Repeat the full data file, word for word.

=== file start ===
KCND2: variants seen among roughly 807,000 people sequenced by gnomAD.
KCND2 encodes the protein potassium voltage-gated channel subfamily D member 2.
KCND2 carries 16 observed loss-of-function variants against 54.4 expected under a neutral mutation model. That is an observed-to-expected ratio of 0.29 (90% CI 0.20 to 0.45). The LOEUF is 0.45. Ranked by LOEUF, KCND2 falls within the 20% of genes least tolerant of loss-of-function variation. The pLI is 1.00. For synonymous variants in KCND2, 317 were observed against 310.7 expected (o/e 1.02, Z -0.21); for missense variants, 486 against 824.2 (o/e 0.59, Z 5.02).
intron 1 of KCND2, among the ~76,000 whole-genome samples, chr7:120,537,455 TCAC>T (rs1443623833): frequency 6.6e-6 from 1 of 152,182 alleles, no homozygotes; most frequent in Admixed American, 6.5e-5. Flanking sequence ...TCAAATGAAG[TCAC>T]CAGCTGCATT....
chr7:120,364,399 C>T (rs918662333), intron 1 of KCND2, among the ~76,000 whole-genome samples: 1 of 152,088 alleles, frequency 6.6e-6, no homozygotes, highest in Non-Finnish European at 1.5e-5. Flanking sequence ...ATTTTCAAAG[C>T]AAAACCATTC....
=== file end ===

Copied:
KCND2: variants seen among roughly 807,000 people sequenced by gnomAD.
KCND2 encodes the protein potassium voltage-gated channel subfamily D member 2.
KCND2 carries 16 observed loss-of-function variants against 54.4 expected under a neutral mutation model. That is an observed-to-expected ratio of 0.29 (90% CI 0.20 to 0.45). The LOEUF is 0.45. Ranked by LOEUF, KCND2 falls within the 20% of genes least tolerant of loss-of-function variation. The pLI is 1.00. For synonymous variants in KCND2, 317 were observed against 310.7 expected (o/e 1.02, Z -0.21); for missense variants, 486 against 824.2 (o/e 0.59, Z 5.02).
intron 1 of KCND2, among the ~76,000 whole-genome samples, chr7:120,537,455 TCAC>T (rs1443623833): frequency 6.6e-6 from 1 of 152,182 alleles, no homozygotes; most frequent in Admixed American, 6.5e-5. Flanking sequence ...TCAAATGAAG[TCAC>T]CAGCTGCATT....
chr7:120,364,399 C>T (rs918662333), intron 1 of KCND2, among the ~76,000 whole-genome samples: 1 of 152,088 alleles, frequency 6.6e-6, no homozygotes, highest in Non-Finnish European at 1.5e-5. Flanking sequence ...ATTTTCAAAG[C>T]AAAACCATTC....